Medicine on the Periphery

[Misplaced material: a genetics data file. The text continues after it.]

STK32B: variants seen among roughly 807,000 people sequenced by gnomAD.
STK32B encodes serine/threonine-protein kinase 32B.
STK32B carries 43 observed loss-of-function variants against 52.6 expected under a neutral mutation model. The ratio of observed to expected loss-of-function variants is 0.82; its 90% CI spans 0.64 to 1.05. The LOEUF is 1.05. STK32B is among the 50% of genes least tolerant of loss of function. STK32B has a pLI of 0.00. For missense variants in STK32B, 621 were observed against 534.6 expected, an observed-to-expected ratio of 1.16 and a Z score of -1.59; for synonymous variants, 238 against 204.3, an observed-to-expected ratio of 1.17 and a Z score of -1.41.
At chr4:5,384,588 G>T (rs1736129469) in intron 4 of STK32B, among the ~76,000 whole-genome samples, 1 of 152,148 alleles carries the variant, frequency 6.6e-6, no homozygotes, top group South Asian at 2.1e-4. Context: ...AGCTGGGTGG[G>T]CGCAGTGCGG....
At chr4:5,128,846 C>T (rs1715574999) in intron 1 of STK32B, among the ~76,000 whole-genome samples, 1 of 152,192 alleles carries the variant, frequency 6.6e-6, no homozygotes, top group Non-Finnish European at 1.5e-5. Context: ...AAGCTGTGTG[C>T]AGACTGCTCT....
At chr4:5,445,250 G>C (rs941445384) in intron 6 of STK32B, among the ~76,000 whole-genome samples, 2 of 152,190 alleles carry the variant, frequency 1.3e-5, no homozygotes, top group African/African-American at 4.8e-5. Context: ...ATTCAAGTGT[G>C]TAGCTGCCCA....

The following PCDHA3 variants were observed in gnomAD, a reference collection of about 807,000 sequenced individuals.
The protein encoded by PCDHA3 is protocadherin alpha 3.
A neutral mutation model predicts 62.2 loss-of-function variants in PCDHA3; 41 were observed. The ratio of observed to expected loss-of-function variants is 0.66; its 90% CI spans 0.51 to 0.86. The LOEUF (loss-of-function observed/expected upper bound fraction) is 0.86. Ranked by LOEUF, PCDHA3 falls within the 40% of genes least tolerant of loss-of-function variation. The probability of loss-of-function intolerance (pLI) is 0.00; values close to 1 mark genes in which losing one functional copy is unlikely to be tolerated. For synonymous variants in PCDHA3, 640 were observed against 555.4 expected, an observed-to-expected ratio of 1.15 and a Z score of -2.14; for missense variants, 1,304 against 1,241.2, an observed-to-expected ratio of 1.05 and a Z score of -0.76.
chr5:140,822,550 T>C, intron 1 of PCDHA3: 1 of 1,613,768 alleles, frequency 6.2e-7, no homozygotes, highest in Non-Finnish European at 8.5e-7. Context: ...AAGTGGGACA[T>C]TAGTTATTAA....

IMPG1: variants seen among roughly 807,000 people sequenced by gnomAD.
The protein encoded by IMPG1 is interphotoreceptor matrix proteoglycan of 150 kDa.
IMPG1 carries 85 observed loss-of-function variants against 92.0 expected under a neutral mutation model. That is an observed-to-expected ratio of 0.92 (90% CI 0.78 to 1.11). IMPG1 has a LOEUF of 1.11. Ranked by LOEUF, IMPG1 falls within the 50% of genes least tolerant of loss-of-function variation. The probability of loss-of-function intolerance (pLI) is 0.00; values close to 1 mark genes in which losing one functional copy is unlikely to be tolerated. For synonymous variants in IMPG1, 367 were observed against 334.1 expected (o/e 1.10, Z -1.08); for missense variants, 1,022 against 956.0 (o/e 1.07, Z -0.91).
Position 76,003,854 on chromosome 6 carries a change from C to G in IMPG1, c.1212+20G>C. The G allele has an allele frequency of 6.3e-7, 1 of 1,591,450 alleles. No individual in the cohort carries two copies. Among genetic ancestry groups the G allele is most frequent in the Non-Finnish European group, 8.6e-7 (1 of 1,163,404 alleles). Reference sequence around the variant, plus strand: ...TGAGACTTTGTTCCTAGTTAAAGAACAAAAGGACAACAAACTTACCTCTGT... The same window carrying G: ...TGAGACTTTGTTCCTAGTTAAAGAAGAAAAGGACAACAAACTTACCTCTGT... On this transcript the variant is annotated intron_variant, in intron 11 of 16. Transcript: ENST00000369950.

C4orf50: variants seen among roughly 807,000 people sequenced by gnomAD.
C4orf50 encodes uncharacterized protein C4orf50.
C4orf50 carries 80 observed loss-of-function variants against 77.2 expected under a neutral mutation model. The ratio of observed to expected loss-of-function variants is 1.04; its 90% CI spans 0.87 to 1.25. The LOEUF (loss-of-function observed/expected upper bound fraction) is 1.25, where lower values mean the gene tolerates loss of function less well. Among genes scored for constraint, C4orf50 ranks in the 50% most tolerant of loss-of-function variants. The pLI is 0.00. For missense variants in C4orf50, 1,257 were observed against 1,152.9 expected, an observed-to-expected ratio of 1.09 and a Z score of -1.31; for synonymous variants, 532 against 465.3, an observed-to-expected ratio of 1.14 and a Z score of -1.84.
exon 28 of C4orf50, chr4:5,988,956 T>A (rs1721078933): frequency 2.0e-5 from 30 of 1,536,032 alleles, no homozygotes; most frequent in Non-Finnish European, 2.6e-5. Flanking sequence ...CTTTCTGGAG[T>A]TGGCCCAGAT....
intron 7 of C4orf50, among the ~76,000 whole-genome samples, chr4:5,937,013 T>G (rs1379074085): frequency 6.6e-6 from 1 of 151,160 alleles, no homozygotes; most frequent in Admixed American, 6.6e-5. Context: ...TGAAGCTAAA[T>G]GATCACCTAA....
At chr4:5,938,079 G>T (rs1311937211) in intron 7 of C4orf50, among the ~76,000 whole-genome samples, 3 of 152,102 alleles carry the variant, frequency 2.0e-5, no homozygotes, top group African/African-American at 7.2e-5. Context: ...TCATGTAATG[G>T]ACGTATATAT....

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Medicine on the Periphery examines the history of the public health of Yucatán, Mexico, from the 1870s through 1960. This book includes chapters on institutions, healers, changing patterns of disease, the biomedicalization of Yucatán, and the relationship between Yucatán and the Mexican Revolutionary government. Sowell analyzes Yucatec officials' establishment of public health programs as a strategy for the modernization of the region, using wealth from the production of henequen to create Mexico's most extensive public health system and subsequent tensions with the Revolutionary government. Public health programs situated the Yucatán into a complex position in the nexus of knowledge, power, and technologies of the Atlantic medical community. Medicine on the Periphery provides a comprehensive look at how Yucatán became a medical periphery, a status that made it increasingly dependent upon knowledge and technologies produced in the productive core of the North Atlantic and subject to the authority of the Mexican state. This book will be of interest to scholars in Mexican studies, history of medicine and public health in Latin America and in the Atlantic world.